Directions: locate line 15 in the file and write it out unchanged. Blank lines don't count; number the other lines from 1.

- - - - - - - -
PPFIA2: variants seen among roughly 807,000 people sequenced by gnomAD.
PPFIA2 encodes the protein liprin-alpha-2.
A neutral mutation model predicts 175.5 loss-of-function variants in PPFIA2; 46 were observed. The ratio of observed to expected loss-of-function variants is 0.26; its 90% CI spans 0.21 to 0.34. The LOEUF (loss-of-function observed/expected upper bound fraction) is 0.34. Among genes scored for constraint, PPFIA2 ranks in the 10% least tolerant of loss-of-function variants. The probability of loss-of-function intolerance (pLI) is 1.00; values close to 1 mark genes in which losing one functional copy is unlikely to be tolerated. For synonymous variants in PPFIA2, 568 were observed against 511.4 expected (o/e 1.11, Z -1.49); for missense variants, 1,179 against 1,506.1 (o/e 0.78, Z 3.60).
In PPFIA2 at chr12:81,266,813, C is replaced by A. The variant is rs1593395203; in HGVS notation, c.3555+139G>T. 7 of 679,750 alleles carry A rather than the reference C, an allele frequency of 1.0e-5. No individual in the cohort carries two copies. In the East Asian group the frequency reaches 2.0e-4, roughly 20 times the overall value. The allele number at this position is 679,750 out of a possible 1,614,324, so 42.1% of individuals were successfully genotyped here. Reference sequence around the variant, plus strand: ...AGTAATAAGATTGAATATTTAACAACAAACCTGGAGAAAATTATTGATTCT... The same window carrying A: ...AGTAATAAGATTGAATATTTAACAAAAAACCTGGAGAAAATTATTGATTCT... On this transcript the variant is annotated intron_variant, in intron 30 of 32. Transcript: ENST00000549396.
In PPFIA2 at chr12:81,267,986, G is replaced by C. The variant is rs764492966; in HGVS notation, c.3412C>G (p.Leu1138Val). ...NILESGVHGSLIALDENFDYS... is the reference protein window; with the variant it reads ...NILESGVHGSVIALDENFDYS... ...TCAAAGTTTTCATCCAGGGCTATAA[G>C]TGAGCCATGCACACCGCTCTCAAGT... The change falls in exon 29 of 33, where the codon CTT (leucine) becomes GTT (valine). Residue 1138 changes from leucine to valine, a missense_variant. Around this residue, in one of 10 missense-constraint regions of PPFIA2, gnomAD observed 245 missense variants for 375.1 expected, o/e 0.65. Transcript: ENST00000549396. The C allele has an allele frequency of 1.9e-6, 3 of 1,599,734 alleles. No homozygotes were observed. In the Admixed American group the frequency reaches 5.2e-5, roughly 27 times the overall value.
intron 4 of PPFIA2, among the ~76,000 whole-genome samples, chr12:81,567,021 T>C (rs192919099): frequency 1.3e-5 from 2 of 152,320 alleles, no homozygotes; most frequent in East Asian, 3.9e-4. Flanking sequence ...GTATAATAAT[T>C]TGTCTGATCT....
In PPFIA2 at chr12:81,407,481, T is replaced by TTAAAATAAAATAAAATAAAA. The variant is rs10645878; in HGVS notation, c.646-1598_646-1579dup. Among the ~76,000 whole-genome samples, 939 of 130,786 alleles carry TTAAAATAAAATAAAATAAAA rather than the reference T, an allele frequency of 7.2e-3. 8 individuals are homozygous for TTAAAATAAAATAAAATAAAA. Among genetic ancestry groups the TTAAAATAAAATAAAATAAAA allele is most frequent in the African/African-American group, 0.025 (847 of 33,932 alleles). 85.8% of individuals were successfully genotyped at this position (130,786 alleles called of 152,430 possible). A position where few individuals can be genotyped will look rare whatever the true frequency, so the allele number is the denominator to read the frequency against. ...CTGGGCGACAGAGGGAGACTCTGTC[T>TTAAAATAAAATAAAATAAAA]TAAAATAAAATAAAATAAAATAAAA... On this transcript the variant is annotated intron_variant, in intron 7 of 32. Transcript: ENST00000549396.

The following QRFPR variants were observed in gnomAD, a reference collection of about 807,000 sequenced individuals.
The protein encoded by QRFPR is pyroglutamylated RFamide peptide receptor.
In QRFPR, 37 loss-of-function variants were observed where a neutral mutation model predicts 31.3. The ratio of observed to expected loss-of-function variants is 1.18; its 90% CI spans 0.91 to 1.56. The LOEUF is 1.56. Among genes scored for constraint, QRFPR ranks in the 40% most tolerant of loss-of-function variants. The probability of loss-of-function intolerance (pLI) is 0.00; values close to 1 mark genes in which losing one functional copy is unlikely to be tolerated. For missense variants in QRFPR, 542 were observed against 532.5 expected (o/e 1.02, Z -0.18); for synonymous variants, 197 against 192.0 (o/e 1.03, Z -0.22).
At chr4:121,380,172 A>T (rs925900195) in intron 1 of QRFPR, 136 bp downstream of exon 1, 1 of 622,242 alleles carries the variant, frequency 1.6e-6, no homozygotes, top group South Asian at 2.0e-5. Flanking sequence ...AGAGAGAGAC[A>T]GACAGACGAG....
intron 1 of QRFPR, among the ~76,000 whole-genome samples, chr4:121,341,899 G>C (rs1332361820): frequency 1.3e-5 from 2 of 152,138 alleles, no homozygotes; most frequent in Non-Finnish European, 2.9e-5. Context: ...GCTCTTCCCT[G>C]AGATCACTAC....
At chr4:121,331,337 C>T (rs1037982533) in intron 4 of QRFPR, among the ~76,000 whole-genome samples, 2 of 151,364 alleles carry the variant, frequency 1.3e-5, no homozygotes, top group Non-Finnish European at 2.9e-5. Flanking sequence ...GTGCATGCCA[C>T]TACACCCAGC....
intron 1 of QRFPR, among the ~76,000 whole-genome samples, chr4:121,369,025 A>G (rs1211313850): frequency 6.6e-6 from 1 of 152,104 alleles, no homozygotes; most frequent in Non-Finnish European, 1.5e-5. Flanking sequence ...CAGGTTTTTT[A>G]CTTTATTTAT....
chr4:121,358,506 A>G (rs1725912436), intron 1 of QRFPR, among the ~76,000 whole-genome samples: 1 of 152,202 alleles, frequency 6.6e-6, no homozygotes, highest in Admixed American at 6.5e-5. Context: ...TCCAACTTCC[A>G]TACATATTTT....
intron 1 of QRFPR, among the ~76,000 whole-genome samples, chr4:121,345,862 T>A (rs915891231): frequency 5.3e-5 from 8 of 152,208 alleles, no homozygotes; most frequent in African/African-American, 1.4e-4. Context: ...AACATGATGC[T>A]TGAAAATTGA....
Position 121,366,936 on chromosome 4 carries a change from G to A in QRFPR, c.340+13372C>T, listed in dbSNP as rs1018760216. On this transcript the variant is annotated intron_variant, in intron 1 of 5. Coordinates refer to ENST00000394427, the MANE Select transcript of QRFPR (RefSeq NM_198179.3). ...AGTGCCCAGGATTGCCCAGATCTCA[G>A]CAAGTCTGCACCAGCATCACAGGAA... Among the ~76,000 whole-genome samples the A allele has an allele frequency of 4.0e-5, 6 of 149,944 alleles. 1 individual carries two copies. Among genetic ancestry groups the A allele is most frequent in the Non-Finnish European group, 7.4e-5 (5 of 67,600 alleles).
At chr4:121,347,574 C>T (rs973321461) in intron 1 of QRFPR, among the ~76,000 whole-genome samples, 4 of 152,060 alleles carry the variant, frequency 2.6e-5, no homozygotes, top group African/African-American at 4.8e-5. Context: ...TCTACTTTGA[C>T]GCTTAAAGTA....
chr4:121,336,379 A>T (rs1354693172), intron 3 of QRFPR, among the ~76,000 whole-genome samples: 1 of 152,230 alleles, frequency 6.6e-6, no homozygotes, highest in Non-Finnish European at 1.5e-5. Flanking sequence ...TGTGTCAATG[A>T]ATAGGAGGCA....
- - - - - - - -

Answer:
chr4:121,358,506 A>G (rs1725912436), intron 1 of QRFPR, among the ~76,000 whole-genome samples: 1 of 152,202 alleles, frequency 6.6e-6, no homozygotes, highest in Admixed American at 6.5e-5. Context: ...TCCAACTTCC[A>G]TACATATTTT....